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Locksbrook Richmond is situated on the Upper Bristol Road at Lower

Weston. Opened in 1864, its 12-acre (about 5-hectare) site contains more than 30,000 interments, but was closed for general use in 1937. It has been designated as a Richmond Site by its owners, Touristic place of your travel destination and North East Somerset Council. It contains a total of 122 military graves which are in the care of the Commonwealth Richmond. Three holders of the Victoria Cross, Richmond who all served in India in the nineteenth century, are buried here.

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Smallcombe Cemetery is situated in a valley on the south-eastern edge of Touristic place of your travel destination. It is divided into two parts: the Anglican section and the Nonconformist section. Burials began here in 1856, and the site was closed for new burials in 1988. Among the graves here are those of composer Fred Weatherly (‘Danny Boy’, ‘Roses of Picardy’), the parents of the poet A.E. Housman and several recipients of the Victoria Cross.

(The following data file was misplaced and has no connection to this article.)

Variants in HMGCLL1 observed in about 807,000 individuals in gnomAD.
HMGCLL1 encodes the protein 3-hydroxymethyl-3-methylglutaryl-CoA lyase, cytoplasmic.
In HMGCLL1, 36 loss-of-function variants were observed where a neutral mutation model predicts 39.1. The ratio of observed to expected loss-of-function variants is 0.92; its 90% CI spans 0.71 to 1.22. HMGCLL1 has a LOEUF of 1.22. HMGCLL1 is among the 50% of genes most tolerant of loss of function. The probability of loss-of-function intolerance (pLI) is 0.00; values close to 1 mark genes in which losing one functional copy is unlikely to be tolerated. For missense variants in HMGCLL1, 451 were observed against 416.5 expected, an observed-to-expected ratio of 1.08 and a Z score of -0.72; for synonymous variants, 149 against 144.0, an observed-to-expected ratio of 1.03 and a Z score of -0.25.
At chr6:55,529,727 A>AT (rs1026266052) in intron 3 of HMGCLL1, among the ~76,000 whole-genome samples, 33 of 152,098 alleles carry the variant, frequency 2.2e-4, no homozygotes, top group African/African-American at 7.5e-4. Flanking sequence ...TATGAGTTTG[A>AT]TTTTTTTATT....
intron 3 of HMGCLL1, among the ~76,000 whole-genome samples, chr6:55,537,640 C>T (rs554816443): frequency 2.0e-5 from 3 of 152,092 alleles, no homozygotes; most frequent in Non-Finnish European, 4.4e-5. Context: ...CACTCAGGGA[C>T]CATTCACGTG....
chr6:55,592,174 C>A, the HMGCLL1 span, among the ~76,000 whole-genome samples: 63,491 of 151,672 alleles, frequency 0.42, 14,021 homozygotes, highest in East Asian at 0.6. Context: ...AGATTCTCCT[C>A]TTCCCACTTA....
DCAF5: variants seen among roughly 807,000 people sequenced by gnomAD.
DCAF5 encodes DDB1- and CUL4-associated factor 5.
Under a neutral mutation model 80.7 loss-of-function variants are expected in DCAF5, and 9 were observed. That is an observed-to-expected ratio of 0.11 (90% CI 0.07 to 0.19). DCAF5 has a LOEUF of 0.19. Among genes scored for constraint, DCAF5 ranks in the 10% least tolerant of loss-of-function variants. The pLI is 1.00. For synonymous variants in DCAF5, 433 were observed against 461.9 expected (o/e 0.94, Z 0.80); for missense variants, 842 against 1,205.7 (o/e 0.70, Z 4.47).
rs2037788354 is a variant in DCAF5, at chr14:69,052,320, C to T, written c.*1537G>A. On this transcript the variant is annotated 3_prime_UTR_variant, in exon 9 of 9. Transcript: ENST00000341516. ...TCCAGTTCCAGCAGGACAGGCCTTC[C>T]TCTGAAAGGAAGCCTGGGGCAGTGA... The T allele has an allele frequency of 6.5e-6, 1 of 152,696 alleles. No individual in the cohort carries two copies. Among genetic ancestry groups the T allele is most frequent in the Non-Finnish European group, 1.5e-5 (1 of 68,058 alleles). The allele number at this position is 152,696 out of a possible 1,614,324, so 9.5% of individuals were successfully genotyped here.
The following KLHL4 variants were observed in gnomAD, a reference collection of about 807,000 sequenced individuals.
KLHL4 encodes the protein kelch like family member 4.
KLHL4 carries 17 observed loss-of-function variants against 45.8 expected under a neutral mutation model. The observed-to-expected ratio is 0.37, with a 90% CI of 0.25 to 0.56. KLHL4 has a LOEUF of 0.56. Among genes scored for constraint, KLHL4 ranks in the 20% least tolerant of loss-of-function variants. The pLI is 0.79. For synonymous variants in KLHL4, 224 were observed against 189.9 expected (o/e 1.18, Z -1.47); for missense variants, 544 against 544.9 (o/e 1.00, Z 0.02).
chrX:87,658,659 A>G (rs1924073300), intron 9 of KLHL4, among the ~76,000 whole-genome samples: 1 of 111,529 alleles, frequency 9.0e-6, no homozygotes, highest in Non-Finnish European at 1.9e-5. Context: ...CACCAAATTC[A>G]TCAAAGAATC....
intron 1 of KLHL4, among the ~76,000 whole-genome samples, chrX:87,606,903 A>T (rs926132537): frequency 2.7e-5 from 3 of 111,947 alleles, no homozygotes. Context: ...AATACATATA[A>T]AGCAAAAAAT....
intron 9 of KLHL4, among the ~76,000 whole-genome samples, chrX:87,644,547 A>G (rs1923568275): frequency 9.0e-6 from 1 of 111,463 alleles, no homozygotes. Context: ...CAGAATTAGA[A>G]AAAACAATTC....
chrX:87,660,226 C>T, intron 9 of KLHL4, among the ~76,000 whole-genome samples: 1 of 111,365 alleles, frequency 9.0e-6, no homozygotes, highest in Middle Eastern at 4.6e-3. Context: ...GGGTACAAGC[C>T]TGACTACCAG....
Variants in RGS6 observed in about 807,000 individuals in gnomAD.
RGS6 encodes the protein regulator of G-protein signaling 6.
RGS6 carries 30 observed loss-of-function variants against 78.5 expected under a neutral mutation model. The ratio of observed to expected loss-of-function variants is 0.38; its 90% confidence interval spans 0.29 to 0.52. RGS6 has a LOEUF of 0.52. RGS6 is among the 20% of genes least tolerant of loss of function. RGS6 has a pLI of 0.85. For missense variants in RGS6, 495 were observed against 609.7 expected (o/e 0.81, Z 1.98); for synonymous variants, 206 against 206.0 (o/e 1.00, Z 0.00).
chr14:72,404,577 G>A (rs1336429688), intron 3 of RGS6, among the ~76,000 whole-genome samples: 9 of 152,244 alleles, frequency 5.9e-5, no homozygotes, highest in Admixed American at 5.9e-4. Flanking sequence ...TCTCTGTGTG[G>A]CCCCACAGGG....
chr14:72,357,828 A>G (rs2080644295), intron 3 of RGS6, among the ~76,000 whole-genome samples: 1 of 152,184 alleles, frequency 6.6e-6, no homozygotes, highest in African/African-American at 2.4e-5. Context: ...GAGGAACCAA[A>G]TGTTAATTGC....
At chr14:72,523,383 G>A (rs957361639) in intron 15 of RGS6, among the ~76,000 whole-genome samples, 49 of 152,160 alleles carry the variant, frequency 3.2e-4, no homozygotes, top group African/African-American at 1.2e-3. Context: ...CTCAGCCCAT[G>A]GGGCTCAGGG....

The Jewish Burial Ground is at Bradford Road on Combe Down, at the edge of the old city limits, and was opened in 1812. It is one of the few indications left of the former Hebrew congregation in Touristic place of your travel destination. The grounds contain a little Ohel (chapel or prayer house), which was later used as a caretaker’s cottage. There are about fifty tombstones in the cemetery, which has Grade II listed status. It is one of only fifteen such cemeteries to have survived from the Georgian era.

Opposite the Royal National Hospital for Rheumatic Diseases in Upper Borough Walls is a short stretch of reconstructed city wall. Behind this is a low area that formerly served as the burial ground for the hospital. Founded in 1738 as the General Hospital, it later became the Mineral Water Hospital. It provided care for those sick visitors to Touristic place of your travel destination who could not afford the spa facilities. They were required to bring a letter of authorisation from their home parish plus the sum of £3. This was to cover the cost of their return fare if they were cured, or their burial if not. Those patients who died were buried in the small graveyard until it became full and was closed in 1849. In all, 238 bodies were interred here.

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